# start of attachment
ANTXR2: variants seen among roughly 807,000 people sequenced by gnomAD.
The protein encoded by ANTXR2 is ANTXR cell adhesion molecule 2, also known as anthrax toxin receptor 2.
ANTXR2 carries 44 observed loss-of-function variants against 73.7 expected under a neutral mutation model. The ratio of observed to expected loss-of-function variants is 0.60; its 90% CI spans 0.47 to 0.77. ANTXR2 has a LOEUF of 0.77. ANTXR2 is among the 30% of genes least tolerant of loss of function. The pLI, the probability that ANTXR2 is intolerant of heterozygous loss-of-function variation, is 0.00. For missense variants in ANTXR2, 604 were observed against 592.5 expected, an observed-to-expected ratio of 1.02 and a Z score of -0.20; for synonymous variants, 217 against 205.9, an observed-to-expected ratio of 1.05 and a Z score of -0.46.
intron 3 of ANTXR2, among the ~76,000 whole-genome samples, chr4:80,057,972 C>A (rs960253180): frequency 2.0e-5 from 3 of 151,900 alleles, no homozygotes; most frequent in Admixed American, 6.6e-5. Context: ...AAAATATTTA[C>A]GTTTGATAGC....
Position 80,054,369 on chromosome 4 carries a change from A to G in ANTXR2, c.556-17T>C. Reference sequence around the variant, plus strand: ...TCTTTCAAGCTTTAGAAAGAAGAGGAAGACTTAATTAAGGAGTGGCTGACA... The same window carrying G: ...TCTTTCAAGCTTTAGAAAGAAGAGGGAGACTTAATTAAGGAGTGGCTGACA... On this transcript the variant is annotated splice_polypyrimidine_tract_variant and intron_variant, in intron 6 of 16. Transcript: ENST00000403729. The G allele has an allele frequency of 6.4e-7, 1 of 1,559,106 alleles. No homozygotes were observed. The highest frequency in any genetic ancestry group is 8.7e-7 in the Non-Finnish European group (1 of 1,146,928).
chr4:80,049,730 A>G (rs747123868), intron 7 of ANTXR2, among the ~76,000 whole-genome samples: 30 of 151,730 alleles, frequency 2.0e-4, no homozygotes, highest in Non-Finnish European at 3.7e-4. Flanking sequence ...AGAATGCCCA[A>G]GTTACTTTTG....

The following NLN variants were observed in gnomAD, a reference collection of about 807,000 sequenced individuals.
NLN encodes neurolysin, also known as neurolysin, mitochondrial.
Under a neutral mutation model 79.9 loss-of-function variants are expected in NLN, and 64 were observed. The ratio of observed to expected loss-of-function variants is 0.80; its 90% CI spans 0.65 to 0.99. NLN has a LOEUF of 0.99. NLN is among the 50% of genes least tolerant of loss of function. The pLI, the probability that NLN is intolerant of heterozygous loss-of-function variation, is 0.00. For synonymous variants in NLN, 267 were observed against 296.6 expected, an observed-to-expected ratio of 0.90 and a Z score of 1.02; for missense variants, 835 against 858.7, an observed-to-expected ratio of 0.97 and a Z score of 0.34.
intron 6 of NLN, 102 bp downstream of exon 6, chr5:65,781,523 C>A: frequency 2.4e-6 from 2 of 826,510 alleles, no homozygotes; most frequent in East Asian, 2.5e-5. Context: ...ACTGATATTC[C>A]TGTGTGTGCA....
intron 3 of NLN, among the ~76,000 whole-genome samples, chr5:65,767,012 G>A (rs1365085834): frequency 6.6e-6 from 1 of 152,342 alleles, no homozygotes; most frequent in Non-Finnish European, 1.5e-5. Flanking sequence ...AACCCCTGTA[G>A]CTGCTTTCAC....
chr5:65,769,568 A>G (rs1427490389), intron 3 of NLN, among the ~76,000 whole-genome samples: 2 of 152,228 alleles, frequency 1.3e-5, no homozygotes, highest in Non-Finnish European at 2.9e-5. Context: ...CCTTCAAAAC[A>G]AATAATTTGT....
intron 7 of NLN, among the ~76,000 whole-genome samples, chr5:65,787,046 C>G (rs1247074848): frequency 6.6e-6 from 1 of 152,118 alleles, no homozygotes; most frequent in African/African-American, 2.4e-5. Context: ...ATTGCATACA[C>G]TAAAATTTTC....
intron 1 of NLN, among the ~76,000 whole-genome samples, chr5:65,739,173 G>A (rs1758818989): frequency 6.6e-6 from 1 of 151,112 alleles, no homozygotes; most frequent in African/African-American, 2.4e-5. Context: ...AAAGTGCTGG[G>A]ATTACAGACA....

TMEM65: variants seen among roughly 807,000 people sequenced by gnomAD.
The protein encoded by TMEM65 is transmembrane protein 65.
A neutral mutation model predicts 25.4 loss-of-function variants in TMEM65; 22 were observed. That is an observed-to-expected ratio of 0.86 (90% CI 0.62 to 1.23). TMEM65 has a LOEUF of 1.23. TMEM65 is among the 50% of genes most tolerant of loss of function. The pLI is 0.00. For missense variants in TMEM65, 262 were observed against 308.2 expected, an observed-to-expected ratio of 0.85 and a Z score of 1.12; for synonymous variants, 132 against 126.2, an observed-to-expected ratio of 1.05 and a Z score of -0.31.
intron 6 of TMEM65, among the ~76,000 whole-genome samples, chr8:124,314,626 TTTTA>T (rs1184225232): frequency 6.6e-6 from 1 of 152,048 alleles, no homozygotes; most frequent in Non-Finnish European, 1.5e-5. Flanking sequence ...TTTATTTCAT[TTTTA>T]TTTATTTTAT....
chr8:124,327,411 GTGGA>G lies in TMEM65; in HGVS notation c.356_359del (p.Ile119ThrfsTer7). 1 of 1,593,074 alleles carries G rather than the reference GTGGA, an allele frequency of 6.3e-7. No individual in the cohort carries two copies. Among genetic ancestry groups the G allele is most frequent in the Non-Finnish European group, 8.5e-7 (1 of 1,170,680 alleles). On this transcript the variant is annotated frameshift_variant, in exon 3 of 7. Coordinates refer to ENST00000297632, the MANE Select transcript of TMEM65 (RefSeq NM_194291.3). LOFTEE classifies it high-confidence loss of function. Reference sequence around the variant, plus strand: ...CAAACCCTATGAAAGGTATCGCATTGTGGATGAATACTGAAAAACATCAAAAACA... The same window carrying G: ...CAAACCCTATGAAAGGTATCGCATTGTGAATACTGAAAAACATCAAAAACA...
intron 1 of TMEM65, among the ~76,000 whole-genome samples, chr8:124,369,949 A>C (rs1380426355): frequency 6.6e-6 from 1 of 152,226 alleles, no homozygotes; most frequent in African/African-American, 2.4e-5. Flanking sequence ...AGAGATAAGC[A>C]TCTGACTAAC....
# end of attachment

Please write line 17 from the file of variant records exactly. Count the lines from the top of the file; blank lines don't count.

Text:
A neutral mutation model predicts 25.4 loss-of-function variants in TMEM65; 22 were observed. That is an observed-to-expected ratio of 0.86 (90% CI 0.62 to 1.23). TMEM65 has a LOEUF of 1.23. TMEM65 is among the 50% of genes most tolerant of loss of function. The pLI is 0.00. For missense variants in TMEM65, 262 were observed against 308.2 expected, an observed-to-expected ratio of 0.85 and a Z score of 1.12; for synonymous variants, 132 against 126.2, an observed-to-expected ratio of 1.05 and a Z score of -0.31.